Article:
An interesting comment in TigerHawk's blog. (Unfortunately, it is anonymous.) It puts forward a risk-management perspective on the Muhammad depiction controversy.
I decided to copy it here. Even anonymous, the argument may be considered at the face value. Of course, this is just one aspect of the multifaceted problem.
As a professional risk analyst (from a somewhat unusual finance and information technology/security background), I am familiar with numerous methodologies for assessing and mitigating risk. In both the case of Comedy Central and Borders, neither appears to have followed any reasonable risk management application that would be expected pursuant to their executive responsibility.
Furthermore, I've asked both for an explanation regarding the assessment process they used to evaluate the perceived risk. How was it identified? Whas there a specific threat by a Muslim extremist or just an imagined threat? How was the threat quantified? What other responses were identified and why where they disregarded?
Numerous more appropriate mitigation/response strategies appear to have been ignored. Why has law enforcement not been engaged respective to specific threats? I've checked with employees at Borders regarding the new security training I would expect to be mandatory when a threat of this nature, specific or abstract, is identified. No such training has occured. Not even a newsletter article advising them of appropriate steps potentially necessary for their security has been provided. Borders has also not changed their physical security program from sources I've consulted. I would expect a review of employee training and facility security to be a minimum response in the event of threats so serious that they jeopardize their credibility as a neutral bookseller. After all, both have used the safety of their employees as the rationale for such significant actions.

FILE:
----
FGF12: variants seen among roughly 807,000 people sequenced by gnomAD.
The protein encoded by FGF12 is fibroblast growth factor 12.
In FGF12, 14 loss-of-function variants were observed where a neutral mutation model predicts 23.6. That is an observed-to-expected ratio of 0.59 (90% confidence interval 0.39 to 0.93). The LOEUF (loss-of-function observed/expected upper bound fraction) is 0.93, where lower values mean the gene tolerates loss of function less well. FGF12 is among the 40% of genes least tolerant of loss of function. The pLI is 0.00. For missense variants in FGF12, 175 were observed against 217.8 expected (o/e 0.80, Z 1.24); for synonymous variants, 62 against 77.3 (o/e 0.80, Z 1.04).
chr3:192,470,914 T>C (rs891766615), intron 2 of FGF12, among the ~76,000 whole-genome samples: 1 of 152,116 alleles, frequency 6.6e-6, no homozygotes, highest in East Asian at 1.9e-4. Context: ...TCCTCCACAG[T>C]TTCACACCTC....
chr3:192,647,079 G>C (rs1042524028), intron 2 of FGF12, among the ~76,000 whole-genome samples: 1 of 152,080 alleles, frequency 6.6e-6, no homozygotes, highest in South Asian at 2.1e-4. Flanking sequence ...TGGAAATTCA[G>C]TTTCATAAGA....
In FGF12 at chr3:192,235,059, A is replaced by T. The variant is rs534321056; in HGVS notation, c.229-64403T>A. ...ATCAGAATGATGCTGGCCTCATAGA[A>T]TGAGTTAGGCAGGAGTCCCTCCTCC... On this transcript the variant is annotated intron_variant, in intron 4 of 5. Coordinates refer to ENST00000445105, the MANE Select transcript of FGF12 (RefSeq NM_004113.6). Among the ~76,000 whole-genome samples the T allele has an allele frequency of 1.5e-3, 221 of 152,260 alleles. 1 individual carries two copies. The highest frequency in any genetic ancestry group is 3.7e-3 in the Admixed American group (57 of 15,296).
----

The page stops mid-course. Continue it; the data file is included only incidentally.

The most serious concern, however, is that there appears to have been no assessment of the potential for both Comedy Central and Borders appeasement actions and the strong probability that it will encourage new threats from other parties who recognize them as easy targets for manipulation. What new risks do they incur to their organizations, employees and financial condition by announcing to the public that they are easy targets and only require abstract, imagined threats to materially change their corporate behavior? Corporate ethics programs often discuss the critical necessity of political neutrality because once this position is lost, the most effective defense of "common carrier absent any specific position on an issue" is lost. Borders and Comedy Central are now arguably pro-Sharia law in their editorial and operational position.
In both cases, senior management's approach disregards risk completely and cannot be rationally motivated on that basis. It should be no surprise that neither has provided any evidence of a threat as their actions have nothing to do with any legitimate response.